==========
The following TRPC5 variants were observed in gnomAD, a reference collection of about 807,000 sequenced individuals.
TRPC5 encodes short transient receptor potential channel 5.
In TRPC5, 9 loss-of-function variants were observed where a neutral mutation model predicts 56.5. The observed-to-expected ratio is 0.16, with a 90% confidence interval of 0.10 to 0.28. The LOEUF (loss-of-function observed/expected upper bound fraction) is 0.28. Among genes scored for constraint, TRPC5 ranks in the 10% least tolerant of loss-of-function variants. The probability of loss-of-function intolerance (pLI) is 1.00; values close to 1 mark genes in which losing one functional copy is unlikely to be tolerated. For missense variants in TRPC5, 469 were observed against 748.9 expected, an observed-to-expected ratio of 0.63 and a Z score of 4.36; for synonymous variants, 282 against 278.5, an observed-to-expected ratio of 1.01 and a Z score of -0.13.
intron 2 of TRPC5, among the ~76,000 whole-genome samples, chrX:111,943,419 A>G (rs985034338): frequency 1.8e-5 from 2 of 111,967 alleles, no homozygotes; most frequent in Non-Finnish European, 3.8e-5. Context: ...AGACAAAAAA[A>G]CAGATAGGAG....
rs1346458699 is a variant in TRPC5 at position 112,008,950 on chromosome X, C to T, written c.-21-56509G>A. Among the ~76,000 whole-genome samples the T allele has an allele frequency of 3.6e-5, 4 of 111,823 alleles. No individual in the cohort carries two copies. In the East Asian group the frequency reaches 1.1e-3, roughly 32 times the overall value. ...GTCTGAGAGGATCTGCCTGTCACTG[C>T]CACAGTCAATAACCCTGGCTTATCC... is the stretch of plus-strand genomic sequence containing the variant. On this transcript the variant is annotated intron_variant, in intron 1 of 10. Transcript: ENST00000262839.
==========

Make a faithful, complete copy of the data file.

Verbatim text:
The following TRPC5 variants were observed in gnomAD, a reference collection of about 807,000 sequenced individuals.
TRPC5 encodes short transient receptor potential channel 5.
In TRPC5, 9 loss-of-function variants were observed where a neutral mutation model predicts 56.5. The observed-to-expected ratio is 0.16, with a 90% confidence interval of 0.10 to 0.28. The LOEUF (loss-of-function observed/expected upper bound fraction) is 0.28. Among genes scored for constraint, TRPC5 ranks in the 10% least tolerant of loss-of-function variants. The probability of loss-of-function intolerance (pLI) is 1.00; values close to 1 mark genes in which losing one functional copy is unlikely to be tolerated. For missense variants in TRPC5, 469 were observed against 748.9 expected, an observed-to-expected ratio of 0.63 and a Z score of 4.36; for synonymous variants, 282 against 278.5, an observed-to-expected ratio of 1.01 and a Z score of -0.13.
intron 2 of TRPC5, among the ~76,000 whole-genome samples, chrX:111,943,419 A>G (rs985034338): frequency 1.8e-5 from 2 of 111,967 alleles, no homozygotes; most frequent in Non-Finnish European, 3.8e-5. Context: ...AGACAAAAAA[A>G]CAGATAGGAG....
rs1346458699 is a variant in TRPC5 at position 112,008,950 on chromosome X, C to T, written c.-21-56509G>A. Among the ~76,000 whole-genome samples the T allele has an allele frequency of 3.6e-5, 4 of 111,823 alleles. No individual in the cohort carries two copies. In the East Asian group the frequency reaches 1.1e-3, roughly 32 times the overall value. ...GTCTGAGAGGATCTGCCTGTCACTG[C>T]CACAGTCAATAACCCTGGCTTATCC... is the stretch of plus-strand genomic sequence containing the variant. On this transcript the variant is annotated intron_variant, in intron 1 of 10. Transcript: ENST00000262839.